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How Does Stevenson Engage His Readers in Dr Jekyll and Mr Hyde

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How Does Stevenson Engage His Readers? In Dr Jekyll and Mr Hyde Stevenson uses many ways of engaging his reader throughout the novel. He applies these methods in this way to keep the reader interested in the book. To start off with, Stevenson uses Narrative Methods. These methods add to the suspense and heighten the emotional impact. One use of narrative methods is the fact he tells the story from several perspectives. One chapter of the book is set out as a type of police report with the maidservant recalling what happened the night that Danvers was murdered. The way you can tell it is a report of some kind is because of the extra bits of information added - "(as the maid described it)" (page 47, line 2). This chapter, apart from giving you a different view of events, makes the readers realise that this man was an important figure in society and this story has gone from a mystery story (with the mystery being the nightmare Enfield had, the door and the strange man named Hyde) to a murder-mystery story as now there is a killer on the loose. This will give the story a frightening twist for the readers but the use of the language makes them keep reading particularly as it Hyde is revealed to be the killer in chapter 4. ...read more.


and also "A mist dispersed; i saw my life to be forfeit. This tells how Jekyll feels he has nowhere to go in life and feels despondent. He recalls all of Hyde's action and how he "enjoyed the leaping pulses and secret pleasures" but how he knew admits Hyde was sadistic and mental - "No man morally sane could have been guilty of that crime". This is because it was a stupid thing from Hyde's point of view as know he is a wanted man and cannot roam the streets freely anymore - "To be tempted, however slightly, was to fail". Jekyll starts to think suicide's the only way to stop the maniacal Hyde - "and when I know he fears my power to cut him off by suicide" (Page 96 line 15-16), as he has "terrors of the scaffold". The last page of the book is the most emotional and well-written page of the whole book as Jekyll writes "his wonderful selfishness" but also "ape-like spite". There he turned some con about Hyde into a pro but also made a con seem more than a con. This will tell the reader how emotionally attached to Hyde, Jekyll really was and how this decision was probably the hardest he has had to make in his life. The last few lines Jekyll has made up his decision in the sense he has gone from contemplating suicide to being definite - "And indeed the doom that is closing on us both" (Page 96 line 6-7). ...read more.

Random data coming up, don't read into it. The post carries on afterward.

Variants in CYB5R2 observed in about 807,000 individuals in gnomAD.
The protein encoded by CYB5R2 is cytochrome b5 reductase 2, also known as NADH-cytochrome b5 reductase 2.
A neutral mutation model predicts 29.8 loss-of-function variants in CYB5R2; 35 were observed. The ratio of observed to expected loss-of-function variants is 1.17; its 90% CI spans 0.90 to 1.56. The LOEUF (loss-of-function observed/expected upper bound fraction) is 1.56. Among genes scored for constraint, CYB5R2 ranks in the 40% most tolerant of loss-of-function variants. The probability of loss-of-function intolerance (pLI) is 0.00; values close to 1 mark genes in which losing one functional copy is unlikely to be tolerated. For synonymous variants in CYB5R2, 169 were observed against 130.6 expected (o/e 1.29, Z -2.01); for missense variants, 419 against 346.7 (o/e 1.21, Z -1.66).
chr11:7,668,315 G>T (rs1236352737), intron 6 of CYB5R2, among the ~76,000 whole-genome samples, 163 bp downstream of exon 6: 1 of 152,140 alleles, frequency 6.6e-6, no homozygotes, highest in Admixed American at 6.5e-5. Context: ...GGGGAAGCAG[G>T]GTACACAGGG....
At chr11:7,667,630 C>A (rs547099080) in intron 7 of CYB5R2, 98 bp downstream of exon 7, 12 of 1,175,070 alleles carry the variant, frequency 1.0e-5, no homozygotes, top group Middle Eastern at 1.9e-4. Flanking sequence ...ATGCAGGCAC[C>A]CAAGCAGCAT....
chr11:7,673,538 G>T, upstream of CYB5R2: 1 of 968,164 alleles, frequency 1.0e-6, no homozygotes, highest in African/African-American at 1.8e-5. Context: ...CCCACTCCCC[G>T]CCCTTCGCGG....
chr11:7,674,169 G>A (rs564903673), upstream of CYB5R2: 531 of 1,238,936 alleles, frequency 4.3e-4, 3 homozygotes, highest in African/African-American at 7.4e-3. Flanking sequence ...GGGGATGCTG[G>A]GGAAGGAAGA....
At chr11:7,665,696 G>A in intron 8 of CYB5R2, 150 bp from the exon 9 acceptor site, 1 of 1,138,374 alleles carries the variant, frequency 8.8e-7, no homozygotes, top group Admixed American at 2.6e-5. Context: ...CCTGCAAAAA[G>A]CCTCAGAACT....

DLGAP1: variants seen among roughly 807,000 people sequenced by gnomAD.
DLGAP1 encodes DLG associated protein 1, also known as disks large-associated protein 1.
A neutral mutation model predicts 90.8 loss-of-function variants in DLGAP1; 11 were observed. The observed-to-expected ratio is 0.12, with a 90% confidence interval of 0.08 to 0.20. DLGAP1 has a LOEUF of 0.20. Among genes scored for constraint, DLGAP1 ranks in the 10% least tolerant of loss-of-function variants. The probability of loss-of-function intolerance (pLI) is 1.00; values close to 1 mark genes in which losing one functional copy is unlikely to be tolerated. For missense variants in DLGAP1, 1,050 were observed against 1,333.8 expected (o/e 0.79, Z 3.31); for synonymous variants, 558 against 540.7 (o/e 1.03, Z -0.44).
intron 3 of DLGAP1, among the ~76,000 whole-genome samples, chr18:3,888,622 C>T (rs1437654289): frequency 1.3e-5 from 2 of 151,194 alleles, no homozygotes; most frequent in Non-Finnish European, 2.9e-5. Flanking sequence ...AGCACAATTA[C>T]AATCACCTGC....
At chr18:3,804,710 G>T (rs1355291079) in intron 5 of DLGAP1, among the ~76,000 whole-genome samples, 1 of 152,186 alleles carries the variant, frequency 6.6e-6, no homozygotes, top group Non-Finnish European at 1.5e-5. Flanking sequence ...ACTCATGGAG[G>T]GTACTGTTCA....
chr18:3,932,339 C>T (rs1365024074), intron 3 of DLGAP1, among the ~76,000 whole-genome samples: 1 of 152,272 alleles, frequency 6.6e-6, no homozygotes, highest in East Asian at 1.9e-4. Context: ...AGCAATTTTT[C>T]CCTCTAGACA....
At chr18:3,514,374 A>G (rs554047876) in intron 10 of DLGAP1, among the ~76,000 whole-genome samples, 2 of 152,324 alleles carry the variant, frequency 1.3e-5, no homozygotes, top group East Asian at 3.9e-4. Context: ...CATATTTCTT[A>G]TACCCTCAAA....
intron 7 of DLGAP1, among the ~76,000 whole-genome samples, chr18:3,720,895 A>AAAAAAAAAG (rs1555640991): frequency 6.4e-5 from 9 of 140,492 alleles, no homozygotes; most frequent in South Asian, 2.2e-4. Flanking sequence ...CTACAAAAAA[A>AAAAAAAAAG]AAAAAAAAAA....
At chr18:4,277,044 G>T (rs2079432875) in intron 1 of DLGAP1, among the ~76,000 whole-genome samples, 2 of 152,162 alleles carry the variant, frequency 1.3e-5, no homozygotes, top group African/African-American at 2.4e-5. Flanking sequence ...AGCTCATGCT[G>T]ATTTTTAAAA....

This is true as Jekyll said of not changing to Hyde for two months - "But time began at last to obliterate the freshness of my alarm, I once again compound and swallowed the transforming draught". Stevenson also included a lot more questions than there were answers. The Victorians enjoyed this as although the main loose ends tied up they had a feeling of authority as they got to decide some of the outcomes. As the Victorians found literature as a type of "escapism" where they could escape from their boring, old lives Dr Jekyll and Mr Hyde was the perfect novel which fitted all the criteria of a good, mystery/horror book that the Victorians could escape to and therefore engage them! In conclusion to the question, How Does Stevenson Engage His Readers, I think he engages them by using all these different methods - narrative, setting, and what the people in the era it was written liked. I think he engaged the Victorians though particularly on the latter as they had something to relate to e.g. Soho - a lot lower - middle class people lived round there who would buy this book and therefore read it to the end as it is of particular interest to them. This is the same for all of London though. For most people though this story kept them engaged by the excellent descriptions, the use of emotions and the suspense involved. Once a murder had taken place no one was ever going to put the book down! ...read more.

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